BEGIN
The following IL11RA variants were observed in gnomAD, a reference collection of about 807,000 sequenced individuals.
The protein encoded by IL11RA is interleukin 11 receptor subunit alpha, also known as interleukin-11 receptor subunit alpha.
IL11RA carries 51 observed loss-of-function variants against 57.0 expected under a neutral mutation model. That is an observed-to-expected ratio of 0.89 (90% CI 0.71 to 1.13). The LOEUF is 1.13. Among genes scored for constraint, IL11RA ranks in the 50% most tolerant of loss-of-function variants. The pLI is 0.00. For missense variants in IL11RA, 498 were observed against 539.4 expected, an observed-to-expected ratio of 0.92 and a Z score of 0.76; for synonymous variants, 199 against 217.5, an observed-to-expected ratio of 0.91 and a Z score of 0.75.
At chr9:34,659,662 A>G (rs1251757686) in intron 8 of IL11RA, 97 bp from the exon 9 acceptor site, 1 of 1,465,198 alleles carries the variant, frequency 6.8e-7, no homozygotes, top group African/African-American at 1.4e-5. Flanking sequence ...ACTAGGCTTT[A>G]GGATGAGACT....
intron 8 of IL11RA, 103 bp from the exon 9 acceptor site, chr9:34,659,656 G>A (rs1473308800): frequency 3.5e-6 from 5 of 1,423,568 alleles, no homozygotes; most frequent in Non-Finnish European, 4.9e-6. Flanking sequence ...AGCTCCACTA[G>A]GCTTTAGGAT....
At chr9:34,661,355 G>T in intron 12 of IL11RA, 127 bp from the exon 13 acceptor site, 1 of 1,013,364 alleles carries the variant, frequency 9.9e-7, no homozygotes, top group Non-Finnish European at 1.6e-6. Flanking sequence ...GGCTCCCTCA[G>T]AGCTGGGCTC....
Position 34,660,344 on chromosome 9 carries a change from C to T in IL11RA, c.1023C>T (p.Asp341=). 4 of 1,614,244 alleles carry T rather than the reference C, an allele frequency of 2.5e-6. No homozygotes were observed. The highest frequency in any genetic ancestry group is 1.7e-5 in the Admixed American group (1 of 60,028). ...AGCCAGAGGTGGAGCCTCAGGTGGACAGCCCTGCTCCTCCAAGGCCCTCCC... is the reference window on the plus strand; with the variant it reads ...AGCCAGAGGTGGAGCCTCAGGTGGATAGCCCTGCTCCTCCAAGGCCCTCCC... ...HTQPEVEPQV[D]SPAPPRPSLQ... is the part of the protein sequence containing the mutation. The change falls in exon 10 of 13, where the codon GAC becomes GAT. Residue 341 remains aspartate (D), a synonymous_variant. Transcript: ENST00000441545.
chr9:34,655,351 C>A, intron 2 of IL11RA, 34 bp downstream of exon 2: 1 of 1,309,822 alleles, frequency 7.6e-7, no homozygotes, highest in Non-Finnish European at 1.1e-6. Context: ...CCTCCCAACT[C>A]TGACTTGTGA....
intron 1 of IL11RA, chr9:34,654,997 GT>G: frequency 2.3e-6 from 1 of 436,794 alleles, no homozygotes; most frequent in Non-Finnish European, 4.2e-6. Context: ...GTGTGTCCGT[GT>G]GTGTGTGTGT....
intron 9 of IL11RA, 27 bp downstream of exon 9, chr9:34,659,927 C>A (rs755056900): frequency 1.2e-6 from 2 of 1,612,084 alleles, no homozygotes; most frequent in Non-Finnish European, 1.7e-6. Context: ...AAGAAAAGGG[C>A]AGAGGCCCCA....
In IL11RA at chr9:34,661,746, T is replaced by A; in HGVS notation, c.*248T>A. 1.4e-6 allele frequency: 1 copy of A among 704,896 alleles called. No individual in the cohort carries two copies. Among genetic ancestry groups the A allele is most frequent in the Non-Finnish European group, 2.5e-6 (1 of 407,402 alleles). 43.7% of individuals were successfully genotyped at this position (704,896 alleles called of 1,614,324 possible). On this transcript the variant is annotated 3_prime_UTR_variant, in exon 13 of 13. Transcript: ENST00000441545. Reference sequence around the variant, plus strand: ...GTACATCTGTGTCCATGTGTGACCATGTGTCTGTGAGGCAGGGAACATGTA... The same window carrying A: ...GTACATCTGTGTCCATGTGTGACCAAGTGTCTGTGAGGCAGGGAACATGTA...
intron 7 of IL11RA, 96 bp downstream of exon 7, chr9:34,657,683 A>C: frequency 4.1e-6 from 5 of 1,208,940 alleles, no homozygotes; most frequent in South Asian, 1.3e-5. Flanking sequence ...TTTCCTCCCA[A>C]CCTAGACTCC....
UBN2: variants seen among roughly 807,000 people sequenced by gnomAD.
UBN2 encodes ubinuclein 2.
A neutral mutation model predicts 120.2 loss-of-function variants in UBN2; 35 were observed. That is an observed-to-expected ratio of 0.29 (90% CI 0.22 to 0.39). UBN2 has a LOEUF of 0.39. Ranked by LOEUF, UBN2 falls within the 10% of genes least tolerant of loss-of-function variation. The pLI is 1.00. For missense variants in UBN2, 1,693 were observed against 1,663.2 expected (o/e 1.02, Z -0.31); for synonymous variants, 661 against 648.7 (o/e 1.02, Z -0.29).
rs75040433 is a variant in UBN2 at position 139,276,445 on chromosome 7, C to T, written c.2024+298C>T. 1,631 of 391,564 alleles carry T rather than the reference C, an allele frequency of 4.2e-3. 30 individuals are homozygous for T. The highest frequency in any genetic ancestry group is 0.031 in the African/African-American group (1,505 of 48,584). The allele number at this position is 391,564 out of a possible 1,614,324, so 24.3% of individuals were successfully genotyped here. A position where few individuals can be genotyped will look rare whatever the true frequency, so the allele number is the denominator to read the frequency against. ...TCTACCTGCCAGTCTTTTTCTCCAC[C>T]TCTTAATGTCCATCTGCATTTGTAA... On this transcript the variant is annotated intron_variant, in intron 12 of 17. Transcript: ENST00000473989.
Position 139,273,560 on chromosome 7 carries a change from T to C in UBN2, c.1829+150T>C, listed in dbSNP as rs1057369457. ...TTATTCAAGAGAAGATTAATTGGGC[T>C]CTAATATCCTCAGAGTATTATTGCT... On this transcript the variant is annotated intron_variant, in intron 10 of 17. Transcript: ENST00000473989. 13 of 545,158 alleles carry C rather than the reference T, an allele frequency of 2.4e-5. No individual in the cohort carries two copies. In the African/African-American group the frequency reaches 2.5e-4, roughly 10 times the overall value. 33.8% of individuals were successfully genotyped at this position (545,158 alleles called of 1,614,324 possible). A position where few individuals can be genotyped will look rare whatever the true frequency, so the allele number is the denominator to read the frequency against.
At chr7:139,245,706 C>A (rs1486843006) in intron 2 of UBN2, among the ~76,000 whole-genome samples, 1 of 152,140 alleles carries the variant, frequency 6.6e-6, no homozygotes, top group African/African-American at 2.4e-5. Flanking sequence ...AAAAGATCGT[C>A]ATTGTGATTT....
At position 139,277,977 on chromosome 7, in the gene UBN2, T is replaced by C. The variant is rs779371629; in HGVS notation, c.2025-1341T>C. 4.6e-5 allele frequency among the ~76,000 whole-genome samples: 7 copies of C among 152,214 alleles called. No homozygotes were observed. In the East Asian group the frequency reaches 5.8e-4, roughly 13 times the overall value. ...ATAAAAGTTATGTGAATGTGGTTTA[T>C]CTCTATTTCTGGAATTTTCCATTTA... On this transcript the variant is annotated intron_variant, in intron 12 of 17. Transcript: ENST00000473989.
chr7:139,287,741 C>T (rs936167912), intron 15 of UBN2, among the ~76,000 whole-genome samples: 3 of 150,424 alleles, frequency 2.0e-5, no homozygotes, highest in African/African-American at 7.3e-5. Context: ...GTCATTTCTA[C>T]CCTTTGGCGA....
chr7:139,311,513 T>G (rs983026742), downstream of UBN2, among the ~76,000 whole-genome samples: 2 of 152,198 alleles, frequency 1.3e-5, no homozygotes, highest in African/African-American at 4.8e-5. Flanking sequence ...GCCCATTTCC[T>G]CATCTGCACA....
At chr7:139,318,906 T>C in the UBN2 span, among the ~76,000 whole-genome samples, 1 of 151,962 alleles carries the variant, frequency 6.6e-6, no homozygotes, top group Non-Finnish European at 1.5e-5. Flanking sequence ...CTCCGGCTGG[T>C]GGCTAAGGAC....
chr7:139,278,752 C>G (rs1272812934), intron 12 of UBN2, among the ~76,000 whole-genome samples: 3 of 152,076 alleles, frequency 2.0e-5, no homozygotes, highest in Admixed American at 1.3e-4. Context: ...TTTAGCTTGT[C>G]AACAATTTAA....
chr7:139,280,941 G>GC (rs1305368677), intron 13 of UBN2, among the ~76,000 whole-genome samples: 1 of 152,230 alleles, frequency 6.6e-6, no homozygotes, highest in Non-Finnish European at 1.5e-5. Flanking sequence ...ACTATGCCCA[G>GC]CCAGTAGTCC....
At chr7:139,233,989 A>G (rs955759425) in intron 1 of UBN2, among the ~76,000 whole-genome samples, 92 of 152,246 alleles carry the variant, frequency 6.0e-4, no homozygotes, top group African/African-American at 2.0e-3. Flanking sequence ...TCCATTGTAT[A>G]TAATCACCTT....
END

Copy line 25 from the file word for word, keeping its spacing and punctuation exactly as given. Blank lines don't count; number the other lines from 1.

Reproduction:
At chr7:139,233,989 A>G (rs955759425) in intron 1 of UBN2, among the ~76,000 whole-genome samples, 92 of 152,246 alleles carry the variant, frequency 6.0e-4, no homozygotes, top group African/African-American at 2.0e-3. Flanking sequence ...TCCATTGTAT[A>G]TAATCACCTT....